Grape production in the Midwest is increasing at a rapid rate. Very little if any are being grown organically due to the fact that little is known about organic disease control on grape in the Midwest. Sulfur is a good material to use for control of most of the major diseases but sulfur treatments will injure some cultivars of grapes. Many cold hardy grape cultivars have never been tested for sulfur sensitivity. The object of the project is to determine which varieties of grapes are tolerant to sulfur applications. Originally we planned to test four varieties however we have been fortunate enough to increase that to nine varieties.
With the assistance of Charles Shapiro, Professor of Agronomy and Horticulture from the UNL Haskell Agriculture Lab Research Center in Concord Nebraska the layout for the plantings were finalized. In the spring of 2004 we planted nine varieties of grapes. The vines are planted 8 foot apart in the row with the rows 10 foot apart just as a normal vineyard would be planted. They are a combination of juice, wine, and table grapes. They were maintained throughout summer and fall to insure the best over wintering results possible which will create a strong healthy vine ready for the sulfur application in the spring.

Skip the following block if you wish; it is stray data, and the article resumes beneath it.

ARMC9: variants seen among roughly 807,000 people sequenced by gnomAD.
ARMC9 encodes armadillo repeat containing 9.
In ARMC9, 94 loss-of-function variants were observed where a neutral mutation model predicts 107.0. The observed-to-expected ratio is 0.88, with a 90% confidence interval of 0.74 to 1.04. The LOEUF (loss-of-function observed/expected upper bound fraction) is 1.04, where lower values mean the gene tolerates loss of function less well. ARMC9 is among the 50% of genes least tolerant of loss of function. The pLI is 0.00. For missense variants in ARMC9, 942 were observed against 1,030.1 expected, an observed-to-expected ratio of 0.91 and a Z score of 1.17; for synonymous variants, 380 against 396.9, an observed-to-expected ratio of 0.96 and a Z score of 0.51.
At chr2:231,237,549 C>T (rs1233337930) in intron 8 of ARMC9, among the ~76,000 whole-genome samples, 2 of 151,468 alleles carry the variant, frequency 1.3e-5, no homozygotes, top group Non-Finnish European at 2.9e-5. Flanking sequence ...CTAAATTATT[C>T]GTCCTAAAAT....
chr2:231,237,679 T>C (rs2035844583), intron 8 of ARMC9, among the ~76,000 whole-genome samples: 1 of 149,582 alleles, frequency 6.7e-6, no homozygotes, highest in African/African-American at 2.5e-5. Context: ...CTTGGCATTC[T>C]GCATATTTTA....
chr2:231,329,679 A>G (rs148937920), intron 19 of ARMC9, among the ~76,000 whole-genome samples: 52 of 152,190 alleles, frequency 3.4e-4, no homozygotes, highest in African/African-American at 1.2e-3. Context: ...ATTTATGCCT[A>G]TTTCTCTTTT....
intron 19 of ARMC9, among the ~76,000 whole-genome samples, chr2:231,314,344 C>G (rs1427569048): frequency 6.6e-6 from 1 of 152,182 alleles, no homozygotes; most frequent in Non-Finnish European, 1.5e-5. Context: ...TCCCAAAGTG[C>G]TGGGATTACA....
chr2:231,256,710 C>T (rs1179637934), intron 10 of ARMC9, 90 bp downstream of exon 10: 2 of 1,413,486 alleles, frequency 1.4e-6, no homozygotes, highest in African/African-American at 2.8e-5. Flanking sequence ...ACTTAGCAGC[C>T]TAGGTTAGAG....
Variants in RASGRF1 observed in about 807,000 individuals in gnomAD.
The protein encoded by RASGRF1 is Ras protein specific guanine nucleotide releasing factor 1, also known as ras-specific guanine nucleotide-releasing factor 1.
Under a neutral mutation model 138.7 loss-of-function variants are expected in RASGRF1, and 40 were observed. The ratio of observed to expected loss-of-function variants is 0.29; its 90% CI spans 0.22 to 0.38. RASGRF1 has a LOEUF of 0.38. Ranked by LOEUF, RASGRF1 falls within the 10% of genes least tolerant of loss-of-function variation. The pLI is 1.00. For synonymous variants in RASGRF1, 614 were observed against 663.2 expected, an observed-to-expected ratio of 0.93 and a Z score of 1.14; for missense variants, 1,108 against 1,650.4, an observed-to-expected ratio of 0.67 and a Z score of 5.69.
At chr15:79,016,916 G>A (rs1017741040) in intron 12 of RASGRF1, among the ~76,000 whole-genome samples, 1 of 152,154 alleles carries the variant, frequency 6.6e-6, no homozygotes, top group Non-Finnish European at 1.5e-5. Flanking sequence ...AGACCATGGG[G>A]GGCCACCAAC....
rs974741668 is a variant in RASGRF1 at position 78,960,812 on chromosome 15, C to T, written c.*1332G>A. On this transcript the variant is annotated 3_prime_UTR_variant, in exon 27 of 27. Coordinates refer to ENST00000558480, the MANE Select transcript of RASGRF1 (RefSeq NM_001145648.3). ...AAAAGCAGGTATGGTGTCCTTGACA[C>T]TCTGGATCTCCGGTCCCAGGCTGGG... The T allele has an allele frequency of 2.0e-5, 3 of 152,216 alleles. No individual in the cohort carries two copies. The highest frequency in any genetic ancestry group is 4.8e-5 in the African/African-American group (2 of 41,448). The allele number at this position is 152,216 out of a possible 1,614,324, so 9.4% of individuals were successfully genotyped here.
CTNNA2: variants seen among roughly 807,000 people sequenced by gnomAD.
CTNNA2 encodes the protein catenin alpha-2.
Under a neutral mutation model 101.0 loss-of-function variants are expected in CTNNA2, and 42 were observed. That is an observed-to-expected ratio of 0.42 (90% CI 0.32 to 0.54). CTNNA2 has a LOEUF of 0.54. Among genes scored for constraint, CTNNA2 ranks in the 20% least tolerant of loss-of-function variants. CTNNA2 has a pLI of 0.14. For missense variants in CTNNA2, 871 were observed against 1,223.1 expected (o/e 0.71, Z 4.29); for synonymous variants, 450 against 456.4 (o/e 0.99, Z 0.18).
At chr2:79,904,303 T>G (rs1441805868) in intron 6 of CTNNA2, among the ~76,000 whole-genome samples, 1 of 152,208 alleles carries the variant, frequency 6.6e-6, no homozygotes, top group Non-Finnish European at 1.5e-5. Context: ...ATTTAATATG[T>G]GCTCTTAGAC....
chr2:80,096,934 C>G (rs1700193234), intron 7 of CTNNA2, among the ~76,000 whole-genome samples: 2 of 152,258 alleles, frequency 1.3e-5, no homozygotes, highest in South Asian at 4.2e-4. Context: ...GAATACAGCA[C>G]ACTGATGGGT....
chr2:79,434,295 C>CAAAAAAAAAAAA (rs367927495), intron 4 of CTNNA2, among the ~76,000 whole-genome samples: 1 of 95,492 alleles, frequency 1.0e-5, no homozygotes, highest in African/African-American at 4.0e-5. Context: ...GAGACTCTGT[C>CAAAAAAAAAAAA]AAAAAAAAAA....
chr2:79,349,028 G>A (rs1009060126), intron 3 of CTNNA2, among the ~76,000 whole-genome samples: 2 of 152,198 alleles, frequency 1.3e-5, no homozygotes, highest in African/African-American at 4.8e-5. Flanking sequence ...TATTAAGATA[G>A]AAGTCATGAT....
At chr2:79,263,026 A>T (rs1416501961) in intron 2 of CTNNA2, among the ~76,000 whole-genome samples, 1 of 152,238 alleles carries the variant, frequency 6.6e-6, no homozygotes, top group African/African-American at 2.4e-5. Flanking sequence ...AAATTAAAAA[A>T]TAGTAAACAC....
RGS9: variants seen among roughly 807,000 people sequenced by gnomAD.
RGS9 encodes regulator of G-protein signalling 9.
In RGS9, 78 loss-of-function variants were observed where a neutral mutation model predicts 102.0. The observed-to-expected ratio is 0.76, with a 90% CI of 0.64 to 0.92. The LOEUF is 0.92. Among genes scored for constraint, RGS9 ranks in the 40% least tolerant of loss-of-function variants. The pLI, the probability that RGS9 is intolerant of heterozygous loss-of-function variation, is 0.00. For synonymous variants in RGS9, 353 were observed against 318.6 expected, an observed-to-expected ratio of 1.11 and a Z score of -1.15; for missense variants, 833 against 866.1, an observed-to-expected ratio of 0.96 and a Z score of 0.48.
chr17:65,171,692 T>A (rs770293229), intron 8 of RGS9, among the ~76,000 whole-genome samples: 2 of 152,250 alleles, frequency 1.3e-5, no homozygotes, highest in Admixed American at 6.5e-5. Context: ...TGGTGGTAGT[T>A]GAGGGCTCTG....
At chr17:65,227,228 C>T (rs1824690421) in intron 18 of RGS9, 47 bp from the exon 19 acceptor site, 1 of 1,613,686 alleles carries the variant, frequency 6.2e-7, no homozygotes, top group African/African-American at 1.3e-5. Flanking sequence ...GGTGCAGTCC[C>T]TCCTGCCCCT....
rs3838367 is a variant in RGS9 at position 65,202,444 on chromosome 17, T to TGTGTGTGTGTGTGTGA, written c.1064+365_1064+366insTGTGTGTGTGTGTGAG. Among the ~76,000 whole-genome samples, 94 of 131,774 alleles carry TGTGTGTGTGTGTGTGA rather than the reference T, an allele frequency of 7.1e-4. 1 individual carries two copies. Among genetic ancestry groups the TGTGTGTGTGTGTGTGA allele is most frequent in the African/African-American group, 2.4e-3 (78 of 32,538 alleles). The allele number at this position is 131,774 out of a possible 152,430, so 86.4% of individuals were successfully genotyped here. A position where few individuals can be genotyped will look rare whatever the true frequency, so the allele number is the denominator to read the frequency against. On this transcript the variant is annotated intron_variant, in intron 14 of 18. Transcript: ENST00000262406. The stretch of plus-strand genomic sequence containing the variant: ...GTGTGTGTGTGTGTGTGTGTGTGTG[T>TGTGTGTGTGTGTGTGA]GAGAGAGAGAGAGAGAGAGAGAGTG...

In the spring of 2005 each variety will be divided into three treatment groups. The first group will be the control group; the second will receive half-rate treatments and the third full-rate treatments. The treatments will be noted as “T-1” the control group, “T-2” half-rate applications and “T-3” full-rate applications. Three rows will make one repetition; each row in the repetition will be allocated one of the three treatments.